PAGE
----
Oloriegbe stated this on Wednesday in Abuja at a stakeholders breakfast meeting on the role of the legislature in funding epidemic preparedness in Nigeria, organised by Nigeria Health Watch, a Non-governmental Advocacy Organisation.
He suggested that the special fund be sourced from both public and private sectors.
He said the fund should be made mandatory through legislation.
“This fund should be referenced through legislation where both public and private sectors will contribute.
“When epidemics happen, they have devastating effects on the private sector as well.
“They should not contribute through donation but through legislation that identifies certain sources of funds.
“For example, we should tax some percentage of the profit of key sectors that are usually affected by epidemics and such funds be added to the public funds,” the lawmaker said.
He said that the National Health Act currently included five per cent allocation for emergencies in the one per cent Consolidated Revenue Fund (CRF) in the Basic Health Care Provision Fund (BHCPF) but that it was not enough.
He said that the amount should be reviewed every five years.
Oloriegbe stated that one per cent of the CRF should also be put aside by State Governments in their budgets.
He also said that the BHCPF, which provided for funding that should go to the Nigeria Centre for Disease Control (NCDC) had yet to be implemented.
Besides the CRF, funding for the BHCPF is also meant to come from donor partners.
“We should also receive grants and donations because when a country is hit by an epidemic the whole world is affected.
“Take for instance, what is happening in China, it is not only China that is affected but the entire world economy,” he said.
The lawmaker further said that Nigeria did not lack polices in tackling epidemics but what was lacking was implementation.
Sen. Utazi Chukwuka, Chairman, Senate Committee on Primary Healthcare and Communicable Diseases, said that even before the outbreak of the coronavirus, the National Assembly had made up its mind to review the National Health Act.
Chukwuka said the reviewed act would increase funding for NCDC to adequately take care of disease outbreaks.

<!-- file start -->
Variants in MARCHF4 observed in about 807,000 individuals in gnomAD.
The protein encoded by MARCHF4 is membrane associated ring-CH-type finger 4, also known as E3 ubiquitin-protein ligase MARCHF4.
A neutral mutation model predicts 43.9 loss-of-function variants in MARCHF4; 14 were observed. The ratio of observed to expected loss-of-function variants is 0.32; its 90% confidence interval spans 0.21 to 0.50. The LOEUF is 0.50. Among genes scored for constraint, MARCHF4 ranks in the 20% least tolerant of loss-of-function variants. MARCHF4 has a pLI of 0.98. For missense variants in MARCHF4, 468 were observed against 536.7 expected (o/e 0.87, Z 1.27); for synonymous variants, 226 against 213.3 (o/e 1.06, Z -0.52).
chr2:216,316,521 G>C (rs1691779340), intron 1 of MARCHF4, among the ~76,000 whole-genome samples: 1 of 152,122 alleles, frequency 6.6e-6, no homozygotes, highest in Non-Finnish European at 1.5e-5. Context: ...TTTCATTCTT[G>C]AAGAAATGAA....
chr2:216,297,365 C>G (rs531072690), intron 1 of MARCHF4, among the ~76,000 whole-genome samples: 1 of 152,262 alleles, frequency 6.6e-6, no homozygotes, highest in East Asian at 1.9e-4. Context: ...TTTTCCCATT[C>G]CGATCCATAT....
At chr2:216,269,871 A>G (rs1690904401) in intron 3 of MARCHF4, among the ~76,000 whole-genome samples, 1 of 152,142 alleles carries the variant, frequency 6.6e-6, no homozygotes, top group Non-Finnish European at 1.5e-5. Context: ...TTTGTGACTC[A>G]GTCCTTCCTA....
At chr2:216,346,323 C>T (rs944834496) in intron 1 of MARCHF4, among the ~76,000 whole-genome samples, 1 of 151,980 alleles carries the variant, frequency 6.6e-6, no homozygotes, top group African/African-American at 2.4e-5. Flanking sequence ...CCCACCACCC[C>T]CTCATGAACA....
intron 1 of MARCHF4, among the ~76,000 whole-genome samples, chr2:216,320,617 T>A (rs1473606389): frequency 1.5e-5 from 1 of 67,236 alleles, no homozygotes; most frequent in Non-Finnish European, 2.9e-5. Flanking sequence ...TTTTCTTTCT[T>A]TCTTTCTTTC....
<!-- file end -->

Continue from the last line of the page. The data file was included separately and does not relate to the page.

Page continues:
He said that with increased funding, the NCDC would do more in the area of response and epidemic preparedness.
He said that the reviewed health act would ensure that primary health care was strengthened to take care of the health needs of Nigerians and help prevent disease outbreaks.
The chairman emphasised the need for a strong synergy between the federal, state and local governments to contain outbreaks.
He assured the stakeholders that the National Assembly would work assiduously with the Federal Ministry of Health and NCDC to contain the coronavirus, should it find its way into Nigeria.
According to him, at the moment entry points were being well monitored to check those coming into Nigeria for potential cases of infectious diseases.
“This is especially for people coming from China.
“We will find out their health status, which part of China they are coming from.
“Anyone that has potential symptoms will be quarantined as a preventive measure,” he said
Dr Ifeanyi Nsofor, Director of Policy and Advocacy at Nigeria Health Watch, who moderated the event, said the “#PreventEpidemicsNaija” meeting was very important and timely because of the coronavirus outbreak in the world and the Lassa fever outbreak in Nigeria.
Nsofor stated that every country should have a vital interest in being prepared for epidemics.
Mrs Vivianne Ihekweazu, Managing Director, Nigeria Health Watch, thanked the legislators for their suggestions on how to address epidemic preparedness in Nigeria.
Ihekweazu said that encouraging states to strengthen primary health care would significantly prevent outbreaks and when they occurred, it would be easier to contain them with functional primary health centres.
Edited By: Abdullahi Yusuf